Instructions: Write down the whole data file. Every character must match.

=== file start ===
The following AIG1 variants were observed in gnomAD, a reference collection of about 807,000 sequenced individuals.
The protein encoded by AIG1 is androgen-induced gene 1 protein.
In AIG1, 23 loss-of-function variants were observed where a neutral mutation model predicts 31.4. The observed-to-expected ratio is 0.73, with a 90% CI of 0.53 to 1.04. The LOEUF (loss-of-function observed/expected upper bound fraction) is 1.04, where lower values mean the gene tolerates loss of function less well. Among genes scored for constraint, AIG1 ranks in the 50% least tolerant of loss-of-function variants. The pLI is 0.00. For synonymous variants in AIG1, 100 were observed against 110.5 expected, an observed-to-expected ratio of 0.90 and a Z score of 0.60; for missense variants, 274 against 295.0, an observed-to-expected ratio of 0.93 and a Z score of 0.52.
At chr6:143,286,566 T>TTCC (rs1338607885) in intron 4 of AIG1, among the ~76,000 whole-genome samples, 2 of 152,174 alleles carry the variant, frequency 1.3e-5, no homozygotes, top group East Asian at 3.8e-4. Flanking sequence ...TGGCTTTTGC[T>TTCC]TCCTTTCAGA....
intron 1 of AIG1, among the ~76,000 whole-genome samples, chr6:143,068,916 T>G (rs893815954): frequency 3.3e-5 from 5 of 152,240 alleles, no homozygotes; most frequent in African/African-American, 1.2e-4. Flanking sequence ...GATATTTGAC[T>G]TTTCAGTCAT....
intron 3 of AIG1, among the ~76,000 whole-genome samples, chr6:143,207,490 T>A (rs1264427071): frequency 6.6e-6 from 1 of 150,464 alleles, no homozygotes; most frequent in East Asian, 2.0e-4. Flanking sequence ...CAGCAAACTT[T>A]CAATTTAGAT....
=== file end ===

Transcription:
The following AIG1 variants were observed in gnomAD, a reference collection of about 807,000 sequenced individuals.
The protein encoded by AIG1 is androgen-induced gene 1 protein.
In AIG1, 23 loss-of-function variants were observed where a neutral mutation model predicts 31.4. The observed-to-expected ratio is 0.73, with a 90% CI of 0.53 to 1.04. The LOEUF (loss-of-function observed/expected upper bound fraction) is 1.04, where lower values mean the gene tolerates loss of function less well. Among genes scored for constraint, AIG1 ranks in the 50% least tolerant of loss-of-function variants. The pLI is 0.00. For synonymous variants in AIG1, 100 were observed against 110.5 expected, an observed-to-expected ratio of 0.90 and a Z score of 0.60; for missense variants, 274 against 295.0, an observed-to-expected ratio of 0.93 and a Z score of 0.52.
At chr6:143,286,566 T>TTCC (rs1338607885) in intron 4 of AIG1, among the ~76,000 whole-genome samples, 2 of 152,174 alleles carry the variant, frequency 1.3e-5, no homozygotes, top group East Asian at 3.8e-4. Flanking sequence ...TGGCTTTTGC[T>TTCC]TCCTTTCAGA....
intron 1 of AIG1, among the ~76,000 whole-genome samples, chr6:143,068,916 T>G (rs893815954): frequency 3.3e-5 from 5 of 152,240 alleles, no homozygotes; most frequent in African/African-American, 1.2e-4. Flanking sequence ...GATATTTGAC[T>G]TTTCAGTCAT....
intron 3 of AIG1, among the ~76,000 whole-genome samples, chr6:143,207,490 T>A (rs1264427071): frequency 6.6e-6 from 1 of 150,464 alleles, no homozygotes; most frequent in East Asian, 2.0e-4. Flanking sequence ...CAGCAAACTT[T>A]CAATTTAGAT....